As you can see, each one of the four quartiles moves closer to the average (that gray line) in 2006. The first quartile of batters batted .305 in 2005 and .294 in 2006. The lowest quartile batted .245 in 2005 and .263 in 2006. Each group moved closer to the mean.

There is probably some selection bias in that lower quartile. The worst batters played less in 2006, which skews the overall results higher. So regression to the mean isn’t quite as strong as it appears in that lower quartile, but it’s still pretty strong.

What we’re really after is understanding the difference between a player’s “true talent” and the overall league average. The problem is that one year isn’t enough data to establish a player’s true talent. So let’s see what happens when we include two year’s batting average (2004 and 2005) in the initial quartiles:

If you compare the two graphs, you’ll see that the lines aren’t as steep when you have two years’ worth of data to begin with. In this case, the first quartile moved from .303 in 2004/05 to .295 in 2006, a little less than the one-year sample. The bottom quartile migrated from .252 to .262, a lot less than the one-year sample. If you have more years in your baseline, there is less regression to the mean.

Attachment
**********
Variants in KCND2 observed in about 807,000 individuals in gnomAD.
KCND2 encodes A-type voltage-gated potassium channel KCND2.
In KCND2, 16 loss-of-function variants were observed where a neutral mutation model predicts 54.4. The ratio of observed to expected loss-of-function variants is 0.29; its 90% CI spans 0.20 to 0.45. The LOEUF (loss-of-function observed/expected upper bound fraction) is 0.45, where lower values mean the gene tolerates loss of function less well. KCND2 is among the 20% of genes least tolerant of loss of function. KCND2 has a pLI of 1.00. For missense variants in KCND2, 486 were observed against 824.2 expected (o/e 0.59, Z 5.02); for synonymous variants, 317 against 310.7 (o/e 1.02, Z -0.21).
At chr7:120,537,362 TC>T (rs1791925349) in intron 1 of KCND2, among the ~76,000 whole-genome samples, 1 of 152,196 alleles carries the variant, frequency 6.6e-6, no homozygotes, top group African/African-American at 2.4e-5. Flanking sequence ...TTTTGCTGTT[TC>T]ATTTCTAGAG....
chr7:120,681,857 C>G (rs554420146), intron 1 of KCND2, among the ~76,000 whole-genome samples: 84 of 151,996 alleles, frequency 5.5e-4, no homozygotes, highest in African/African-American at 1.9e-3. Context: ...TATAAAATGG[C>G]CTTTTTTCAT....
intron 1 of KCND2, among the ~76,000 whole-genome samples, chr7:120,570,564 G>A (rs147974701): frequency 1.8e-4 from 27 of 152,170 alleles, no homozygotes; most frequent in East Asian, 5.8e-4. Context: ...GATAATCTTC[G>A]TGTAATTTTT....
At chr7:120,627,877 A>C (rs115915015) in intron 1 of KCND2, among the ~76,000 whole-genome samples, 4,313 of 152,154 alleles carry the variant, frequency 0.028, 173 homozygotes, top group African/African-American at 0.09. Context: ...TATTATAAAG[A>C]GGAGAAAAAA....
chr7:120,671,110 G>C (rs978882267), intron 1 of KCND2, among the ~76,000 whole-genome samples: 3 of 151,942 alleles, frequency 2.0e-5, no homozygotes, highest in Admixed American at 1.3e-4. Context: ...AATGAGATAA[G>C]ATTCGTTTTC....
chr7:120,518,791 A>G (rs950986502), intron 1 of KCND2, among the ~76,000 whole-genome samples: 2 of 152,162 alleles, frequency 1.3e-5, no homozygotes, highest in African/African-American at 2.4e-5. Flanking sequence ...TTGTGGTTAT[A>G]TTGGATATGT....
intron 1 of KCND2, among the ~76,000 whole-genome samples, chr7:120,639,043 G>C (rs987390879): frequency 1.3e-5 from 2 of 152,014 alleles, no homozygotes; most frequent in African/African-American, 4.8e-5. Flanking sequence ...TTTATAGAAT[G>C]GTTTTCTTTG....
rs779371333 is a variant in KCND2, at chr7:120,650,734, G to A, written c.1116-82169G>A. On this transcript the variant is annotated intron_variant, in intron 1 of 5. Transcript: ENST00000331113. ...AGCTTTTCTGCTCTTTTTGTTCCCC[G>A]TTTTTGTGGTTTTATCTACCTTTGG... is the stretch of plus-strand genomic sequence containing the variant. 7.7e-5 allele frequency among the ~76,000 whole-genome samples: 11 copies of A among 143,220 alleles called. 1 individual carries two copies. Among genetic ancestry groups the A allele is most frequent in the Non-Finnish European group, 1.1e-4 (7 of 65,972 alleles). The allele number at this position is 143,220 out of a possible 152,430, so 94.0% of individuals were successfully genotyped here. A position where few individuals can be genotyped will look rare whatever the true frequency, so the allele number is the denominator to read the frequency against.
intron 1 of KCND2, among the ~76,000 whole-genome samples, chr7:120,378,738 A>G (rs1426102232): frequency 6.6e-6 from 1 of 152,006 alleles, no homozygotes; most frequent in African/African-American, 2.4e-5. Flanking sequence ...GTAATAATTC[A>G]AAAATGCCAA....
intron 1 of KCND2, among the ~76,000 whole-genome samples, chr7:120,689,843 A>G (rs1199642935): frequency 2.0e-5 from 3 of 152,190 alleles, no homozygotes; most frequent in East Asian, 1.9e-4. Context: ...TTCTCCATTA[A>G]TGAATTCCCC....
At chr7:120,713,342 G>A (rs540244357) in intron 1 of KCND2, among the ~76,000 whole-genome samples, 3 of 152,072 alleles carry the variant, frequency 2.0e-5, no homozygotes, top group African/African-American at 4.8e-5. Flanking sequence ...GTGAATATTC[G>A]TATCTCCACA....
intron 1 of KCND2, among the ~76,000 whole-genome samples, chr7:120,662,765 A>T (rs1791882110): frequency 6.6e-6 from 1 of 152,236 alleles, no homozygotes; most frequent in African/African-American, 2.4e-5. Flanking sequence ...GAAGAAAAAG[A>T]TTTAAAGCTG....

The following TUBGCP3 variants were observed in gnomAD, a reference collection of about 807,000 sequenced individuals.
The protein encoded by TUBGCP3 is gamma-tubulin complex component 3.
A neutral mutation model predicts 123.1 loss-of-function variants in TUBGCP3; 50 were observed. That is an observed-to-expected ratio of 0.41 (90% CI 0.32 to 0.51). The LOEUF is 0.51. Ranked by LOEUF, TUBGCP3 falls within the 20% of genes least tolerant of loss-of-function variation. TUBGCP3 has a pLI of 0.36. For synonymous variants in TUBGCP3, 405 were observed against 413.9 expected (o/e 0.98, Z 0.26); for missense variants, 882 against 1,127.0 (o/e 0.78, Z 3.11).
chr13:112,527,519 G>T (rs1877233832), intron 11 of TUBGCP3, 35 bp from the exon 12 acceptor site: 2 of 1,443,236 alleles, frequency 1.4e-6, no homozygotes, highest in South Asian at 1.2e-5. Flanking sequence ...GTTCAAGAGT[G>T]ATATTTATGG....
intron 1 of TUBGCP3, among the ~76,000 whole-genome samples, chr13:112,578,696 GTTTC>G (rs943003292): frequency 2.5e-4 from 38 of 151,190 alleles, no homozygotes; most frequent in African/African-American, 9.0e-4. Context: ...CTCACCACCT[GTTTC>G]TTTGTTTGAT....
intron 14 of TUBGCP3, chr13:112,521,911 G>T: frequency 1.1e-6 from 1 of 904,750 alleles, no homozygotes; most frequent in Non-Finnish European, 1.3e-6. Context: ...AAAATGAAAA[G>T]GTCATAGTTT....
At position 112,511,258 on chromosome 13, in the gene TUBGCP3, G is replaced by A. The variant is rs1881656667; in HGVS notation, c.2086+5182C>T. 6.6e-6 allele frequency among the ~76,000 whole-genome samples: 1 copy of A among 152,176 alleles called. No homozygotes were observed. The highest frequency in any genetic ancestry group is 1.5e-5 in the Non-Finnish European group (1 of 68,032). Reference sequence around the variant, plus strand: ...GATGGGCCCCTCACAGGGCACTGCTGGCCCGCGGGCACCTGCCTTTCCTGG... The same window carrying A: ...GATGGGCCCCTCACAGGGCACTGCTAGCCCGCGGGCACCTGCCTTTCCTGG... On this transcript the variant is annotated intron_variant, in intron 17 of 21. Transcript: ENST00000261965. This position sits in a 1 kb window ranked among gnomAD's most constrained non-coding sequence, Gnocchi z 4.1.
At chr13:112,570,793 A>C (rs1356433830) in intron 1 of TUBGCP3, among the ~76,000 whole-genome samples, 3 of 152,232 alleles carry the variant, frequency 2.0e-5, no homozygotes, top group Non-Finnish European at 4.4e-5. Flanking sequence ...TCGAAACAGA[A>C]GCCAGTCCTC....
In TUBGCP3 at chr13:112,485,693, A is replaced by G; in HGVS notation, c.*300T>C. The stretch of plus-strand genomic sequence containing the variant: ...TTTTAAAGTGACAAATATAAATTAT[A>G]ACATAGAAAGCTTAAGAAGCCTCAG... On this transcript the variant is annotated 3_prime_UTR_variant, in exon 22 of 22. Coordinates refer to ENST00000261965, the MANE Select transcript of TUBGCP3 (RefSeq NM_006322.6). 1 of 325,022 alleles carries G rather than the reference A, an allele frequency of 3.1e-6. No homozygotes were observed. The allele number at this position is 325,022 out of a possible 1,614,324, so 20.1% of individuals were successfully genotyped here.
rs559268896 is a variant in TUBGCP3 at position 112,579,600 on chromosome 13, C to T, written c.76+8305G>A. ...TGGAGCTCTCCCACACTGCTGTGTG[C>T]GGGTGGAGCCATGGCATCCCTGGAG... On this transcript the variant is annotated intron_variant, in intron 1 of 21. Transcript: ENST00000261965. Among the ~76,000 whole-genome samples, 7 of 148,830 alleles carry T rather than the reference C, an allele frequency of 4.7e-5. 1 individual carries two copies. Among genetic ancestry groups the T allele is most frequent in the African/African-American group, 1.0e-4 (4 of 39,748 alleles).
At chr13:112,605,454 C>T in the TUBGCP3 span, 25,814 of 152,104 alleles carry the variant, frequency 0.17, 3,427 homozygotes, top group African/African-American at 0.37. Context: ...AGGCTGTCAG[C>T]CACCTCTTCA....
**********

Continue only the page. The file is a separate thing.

Why do I bring this up now? Because lots of people are producing forecasts for the 2007 season, and one of the first things every decent projection system will do is regress a player’s performance to the mean. In fact, there is one system that does nothing other than regress each player’s performance to the major league average as a basis for its 2007 projection. It’s called Marcel, because it’s so simple that even a monkey can do it. (Marcel, from Friends. Get it?)

You can read more about the Marcel system from its current caretaker, Tangotiger. Tango’s specific calculations are laid out in this thread—he essentially takes each player’s previous major league performance and regresses it to the mean. That’s it; no park adjustments, minor league stats or anything like that. The amount to which he regresses each player depends on how long the player has been in the majors. If he’s only been in the majors a year or two, Tango regresses his performance a lot. He also regresses a pitcher’s performance more strongly than a batter’s, because pitchers are typically more random.